Consumer Alert: Scammers are capitalizing on the Ukraine crisis. Here’s the key to smart giving

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ROCHESTER, N.Y. (WHEC) — We all have been deeply affected by images of the suffering in Ukraine, and you likely want to help; but unfortunately, that’s exactly what scammers are counting on.

According to Tessian, an email security company, the number of websites containing the word Ukraine is up 210% from last year.

That’s more than 300 new website domains every day. And get this. Tessian researchers believe 77% of those sites are likely scams. Often the fake site has a name similar to the name of a legitimate organization. For example, the Ukrainian Red Cross Society is a real organization, but is a scam.

In a recent blog post, Tessian writer, Charles Brook exposed the scam.

The website looks legitimate. It features the Ukrainian flag being held by alleged aid workers sitting in the back of a tractor-trailer that has come to the rescue. A click of the donate button takes you to a page where you’re given the option of donating using three types of cryptocurrency. That’s a big red flag. The site explains that “due to the financial restrictions in Ukraine, we have made Crypto an alternate payment option.” But the scammers misspelled Crypto. That’s another red flag… note that "crypto" is misspelled.

The experts at Tessian say scammers are also sending donation requests through email.

"In this particular case what we’re seeing is the rise and adoption of QR codes in fraudulent scam emails,” said Paul Laudanski, Tessian’s head of threat intelligence. “In this particular instance, the QR code when you scan it, it prompts you to open up a particular app. It’s called Cash App on your phone. And that app allows you to take your money so you don’t need to have any cryptocurrency at all. You can take your money and send it to a bitcoin address."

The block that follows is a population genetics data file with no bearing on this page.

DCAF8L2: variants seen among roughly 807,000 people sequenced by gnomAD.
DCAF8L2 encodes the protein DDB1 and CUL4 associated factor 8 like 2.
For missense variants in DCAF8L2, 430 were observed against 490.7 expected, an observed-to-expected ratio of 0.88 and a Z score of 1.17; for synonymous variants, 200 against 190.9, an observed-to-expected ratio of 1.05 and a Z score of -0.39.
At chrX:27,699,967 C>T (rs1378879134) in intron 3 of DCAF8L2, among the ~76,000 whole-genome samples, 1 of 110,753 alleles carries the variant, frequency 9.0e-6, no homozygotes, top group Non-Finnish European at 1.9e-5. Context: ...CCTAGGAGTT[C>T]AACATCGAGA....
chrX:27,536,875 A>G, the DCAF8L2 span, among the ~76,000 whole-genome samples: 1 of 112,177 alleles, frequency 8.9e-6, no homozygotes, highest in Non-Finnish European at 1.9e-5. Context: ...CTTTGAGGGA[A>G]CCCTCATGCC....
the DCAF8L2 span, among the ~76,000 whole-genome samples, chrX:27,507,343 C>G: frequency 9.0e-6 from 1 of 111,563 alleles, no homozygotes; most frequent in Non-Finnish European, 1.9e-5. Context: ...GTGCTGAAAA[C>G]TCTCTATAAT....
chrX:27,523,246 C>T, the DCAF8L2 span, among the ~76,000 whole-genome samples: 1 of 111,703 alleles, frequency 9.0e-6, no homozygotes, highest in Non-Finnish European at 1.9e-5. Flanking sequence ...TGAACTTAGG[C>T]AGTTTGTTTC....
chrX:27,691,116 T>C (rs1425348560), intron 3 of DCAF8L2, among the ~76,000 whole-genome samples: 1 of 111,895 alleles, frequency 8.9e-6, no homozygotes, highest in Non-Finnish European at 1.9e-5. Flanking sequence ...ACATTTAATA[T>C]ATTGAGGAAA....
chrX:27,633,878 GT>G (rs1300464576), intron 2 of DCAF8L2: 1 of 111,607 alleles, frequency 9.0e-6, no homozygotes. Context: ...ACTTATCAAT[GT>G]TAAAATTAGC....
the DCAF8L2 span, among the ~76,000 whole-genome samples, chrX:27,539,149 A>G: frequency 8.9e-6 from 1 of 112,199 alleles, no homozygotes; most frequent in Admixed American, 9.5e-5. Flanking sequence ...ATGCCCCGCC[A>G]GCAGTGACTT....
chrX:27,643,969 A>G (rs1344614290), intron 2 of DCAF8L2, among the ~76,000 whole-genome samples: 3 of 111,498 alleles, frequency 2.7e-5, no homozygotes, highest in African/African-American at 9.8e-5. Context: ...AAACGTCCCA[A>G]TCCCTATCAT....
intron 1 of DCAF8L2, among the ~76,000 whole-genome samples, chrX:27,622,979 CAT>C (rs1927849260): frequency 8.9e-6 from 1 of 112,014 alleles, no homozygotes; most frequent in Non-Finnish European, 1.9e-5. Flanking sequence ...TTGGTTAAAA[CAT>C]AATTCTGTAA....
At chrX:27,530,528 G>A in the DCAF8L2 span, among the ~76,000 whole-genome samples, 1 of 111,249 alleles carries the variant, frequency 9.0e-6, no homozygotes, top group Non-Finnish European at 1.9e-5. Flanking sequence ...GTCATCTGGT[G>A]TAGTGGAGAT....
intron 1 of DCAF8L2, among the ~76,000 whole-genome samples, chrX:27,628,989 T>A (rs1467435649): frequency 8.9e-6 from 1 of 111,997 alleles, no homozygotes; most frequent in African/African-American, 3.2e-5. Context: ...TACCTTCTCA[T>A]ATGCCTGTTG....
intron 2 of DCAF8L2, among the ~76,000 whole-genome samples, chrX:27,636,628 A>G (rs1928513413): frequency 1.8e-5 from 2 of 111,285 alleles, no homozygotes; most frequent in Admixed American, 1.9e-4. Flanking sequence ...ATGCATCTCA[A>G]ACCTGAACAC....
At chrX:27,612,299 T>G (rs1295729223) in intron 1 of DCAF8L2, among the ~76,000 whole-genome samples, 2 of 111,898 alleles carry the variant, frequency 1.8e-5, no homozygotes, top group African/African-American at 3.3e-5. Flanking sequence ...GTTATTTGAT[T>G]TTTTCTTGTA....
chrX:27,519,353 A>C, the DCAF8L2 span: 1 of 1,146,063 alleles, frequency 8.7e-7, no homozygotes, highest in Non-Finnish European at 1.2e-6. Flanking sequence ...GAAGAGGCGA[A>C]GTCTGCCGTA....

So here’s Deanna’s Do List for smart giving:

  • Be suspicious of any unsolicited emails.
  • Be suspicious when an alleged charity asks for donations in cryptocurrency.
  • QR codes have been lifesavers for legitimate charities, but be careful about the website the code takes you to. It should take you to the charity’s site, not Cash App or any other peer-to-peer payment site.
  • If you’re solicited on social media, research the organization on the website Charity Navigator or Guidestar.

These websites are fantastic because not only can you see whether a charity is legitimate, but you can also find out how much of their donations actually go toward the mission and not salaries and overhead. And by the way, if you want to support the Red Cross efforts in Ukraine, it’s best to give to the International Federation of Red Cross or the International Committee of the Red Cross in Ukraine.

Yes, it’s clear. Ukraine needs our help. And smart giving assures your money gets to those who need it most.